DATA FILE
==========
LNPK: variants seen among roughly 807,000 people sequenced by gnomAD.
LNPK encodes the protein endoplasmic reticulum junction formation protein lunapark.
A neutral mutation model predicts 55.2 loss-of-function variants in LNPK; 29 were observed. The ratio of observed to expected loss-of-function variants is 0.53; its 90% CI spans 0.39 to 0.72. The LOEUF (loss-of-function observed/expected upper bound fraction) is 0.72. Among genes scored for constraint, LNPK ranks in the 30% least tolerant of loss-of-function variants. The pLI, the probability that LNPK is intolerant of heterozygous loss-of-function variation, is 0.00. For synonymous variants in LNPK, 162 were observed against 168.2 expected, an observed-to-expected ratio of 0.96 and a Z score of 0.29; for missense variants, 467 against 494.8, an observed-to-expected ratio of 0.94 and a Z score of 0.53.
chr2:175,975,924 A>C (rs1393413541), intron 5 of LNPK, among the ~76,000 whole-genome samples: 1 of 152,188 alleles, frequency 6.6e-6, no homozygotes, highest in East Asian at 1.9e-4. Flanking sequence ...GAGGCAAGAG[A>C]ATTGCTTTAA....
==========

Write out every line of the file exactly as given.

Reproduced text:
LNPK: variants seen among roughly 807,000 people sequenced by gnomAD.
LNPK encodes the protein endoplasmic reticulum junction formation protein lunapark.
A neutral mutation model predicts 55.2 loss-of-function variants in LNPK; 29 were observed. The ratio of observed to expected loss-of-function variants is 0.53; its 90% CI spans 0.39 to 0.72. The LOEUF (loss-of-function observed/expected upper bound fraction) is 0.72. Among genes scored for constraint, LNPK ranks in the 30% least tolerant of loss-of-function variants. The pLI, the probability that LNPK is intolerant of heterozygous loss-of-function variation, is 0.00. For synonymous variants in LNPK, 162 were observed against 168.2 expected, an observed-to-expected ratio of 0.96 and a Z score of 0.29; for missense variants, 467 against 494.8, an observed-to-expected ratio of 0.94 and a Z score of 0.53.
chr2:175,975,924 A>C (rs1393413541), intron 5 of LNPK, among the ~76,000 whole-genome samples: 1 of 152,188 alleles, frequency 6.6e-6, no homozygotes, highest in East Asian at 1.9e-4. Flanking sequence ...GAGGCAAGAG[A>C]ATTGCTTTAA....